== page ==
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Wheels on road cases


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My rock band uses a Mackie Onyx 28-8, which is stored in a Road Ready case made with 3/8" plywood. The case is fantastic in terms of durability, but I'm getting kind of tired of humping this thing, it must weigh 70 lbs.

 

Are there any drawbacks or gotchas to bolting some casters to the narrow face? Any great ways to do this? Any favourite casters for the job? I was thinking of using some commodity 2" casters, two swivel, two straight.

 

Thanks for any ideas,

Wes

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Are there any drawbacks or gotchas to bolting some casters to the narrow face? Any great ways to do this?

 

Which would be the "narrow face"? If it's possibly the front or back cover, I'll offer that's a less common surface for mounting casters than the bottom of the case. There's some pluses and minuses for mounting casters to rack case covers. The pluses would be that you can use the case dual duty as an equipment dolly... pile more stuff on the case to wheel where you need to go, and you likely won't need a casterboard mounting the casters to a cover. Also you don't need to worry about the case rolling off the stage once it's upright (no longer on the casters). And with the casters on the covers, that might be better for rolling the case into a mini-van or such where the case wouldn't otherwise fit standing upright. A minus is that can put undue strain on the cover latches, and you may need to stand it back upright for a truck pack. And 3/8" is on the thin-side for mounting casters... 3/4" is preferred... and even at that, I've seen 3/4" casterboards broken... and it's better to risk ruining a reasonably cheap and easy to replace casterboard than a case cover.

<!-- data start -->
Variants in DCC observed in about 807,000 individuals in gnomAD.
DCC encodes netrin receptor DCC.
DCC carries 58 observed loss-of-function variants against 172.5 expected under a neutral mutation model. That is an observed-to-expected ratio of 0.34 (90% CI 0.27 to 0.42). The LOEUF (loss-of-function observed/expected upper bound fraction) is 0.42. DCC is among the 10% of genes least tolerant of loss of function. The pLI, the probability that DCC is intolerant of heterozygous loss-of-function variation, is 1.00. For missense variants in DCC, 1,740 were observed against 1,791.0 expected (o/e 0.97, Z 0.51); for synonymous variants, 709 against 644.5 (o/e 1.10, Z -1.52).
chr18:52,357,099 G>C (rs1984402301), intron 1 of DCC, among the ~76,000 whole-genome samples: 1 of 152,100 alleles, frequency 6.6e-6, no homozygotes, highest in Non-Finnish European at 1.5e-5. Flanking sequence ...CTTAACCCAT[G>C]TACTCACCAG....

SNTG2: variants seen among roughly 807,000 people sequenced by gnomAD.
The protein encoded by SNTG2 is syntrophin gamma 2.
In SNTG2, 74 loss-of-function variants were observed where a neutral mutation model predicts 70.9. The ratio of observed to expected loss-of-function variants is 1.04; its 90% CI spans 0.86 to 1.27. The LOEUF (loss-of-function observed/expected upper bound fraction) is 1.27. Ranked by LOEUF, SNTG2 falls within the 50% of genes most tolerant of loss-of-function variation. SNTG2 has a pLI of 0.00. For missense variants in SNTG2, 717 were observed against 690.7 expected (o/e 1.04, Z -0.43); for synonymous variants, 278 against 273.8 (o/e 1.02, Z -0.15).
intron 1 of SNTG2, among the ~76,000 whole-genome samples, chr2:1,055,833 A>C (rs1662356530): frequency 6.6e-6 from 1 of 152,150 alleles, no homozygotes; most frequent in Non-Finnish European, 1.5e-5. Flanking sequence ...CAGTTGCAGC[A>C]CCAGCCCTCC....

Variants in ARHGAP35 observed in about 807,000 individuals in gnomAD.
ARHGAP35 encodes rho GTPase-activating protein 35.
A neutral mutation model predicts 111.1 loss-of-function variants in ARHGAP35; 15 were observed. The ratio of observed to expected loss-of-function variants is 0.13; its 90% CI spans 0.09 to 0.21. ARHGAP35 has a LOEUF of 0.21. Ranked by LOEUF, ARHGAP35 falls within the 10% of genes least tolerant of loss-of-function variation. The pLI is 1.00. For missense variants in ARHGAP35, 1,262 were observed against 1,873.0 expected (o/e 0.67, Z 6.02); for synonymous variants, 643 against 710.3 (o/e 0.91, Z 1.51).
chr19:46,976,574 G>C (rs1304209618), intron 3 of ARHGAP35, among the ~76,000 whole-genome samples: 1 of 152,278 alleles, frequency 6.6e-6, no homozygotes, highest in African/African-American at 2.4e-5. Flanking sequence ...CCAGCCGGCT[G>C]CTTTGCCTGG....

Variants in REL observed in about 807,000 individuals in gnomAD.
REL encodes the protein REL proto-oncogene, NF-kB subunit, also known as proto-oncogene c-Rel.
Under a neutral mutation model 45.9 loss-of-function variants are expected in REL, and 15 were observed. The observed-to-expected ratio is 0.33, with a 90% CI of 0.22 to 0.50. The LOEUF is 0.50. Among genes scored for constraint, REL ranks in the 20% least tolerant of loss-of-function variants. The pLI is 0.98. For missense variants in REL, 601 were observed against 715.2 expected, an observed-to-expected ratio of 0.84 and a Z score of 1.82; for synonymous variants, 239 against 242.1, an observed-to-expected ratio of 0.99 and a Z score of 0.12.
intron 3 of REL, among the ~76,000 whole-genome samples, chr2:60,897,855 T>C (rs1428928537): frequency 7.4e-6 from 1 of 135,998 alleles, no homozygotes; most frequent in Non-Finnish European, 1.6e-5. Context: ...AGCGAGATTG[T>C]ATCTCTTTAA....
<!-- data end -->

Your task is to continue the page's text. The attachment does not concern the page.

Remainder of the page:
Some (lesser known) advice if you go the route of adding a casterboard on the bottom:

 

1) Add a little spacer wood (1/8" - 1/4" is usually enough) between the casterboard and bottom of the case to facilitate getting the covers on and off.

 

2) Make your casterboard MOL the size of the case with the covers attached. This is so you can mount the casters to the casterboard in such a manner so the axels of the front two casters "swiveled back" are ahead of the front rack rails, and the axels of the back two casters swiveled forward are behind the back rack rails. Mounting the casters too close together front-to-back (with the axels on the wrong side of the rack rails) can (will) make the case tip-prone when rolling.

 

3) Tee-nuts are my recommendation of how to affix the casterbolts to the case and/or casterboard.

 

 

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We have some on our equipment and have not any trouble. We did glue a 1/2 inch backing boards to the bottom to give allow the forces to spread over a larger area. Remember laminated wood is a lot stronger than solid wood. I concur that bigger is better for casters and they come in many quality levels. 3 inch minimum. I have some 5inch run flat 2 inch wide ones on a cart and you can push them on grass no problem.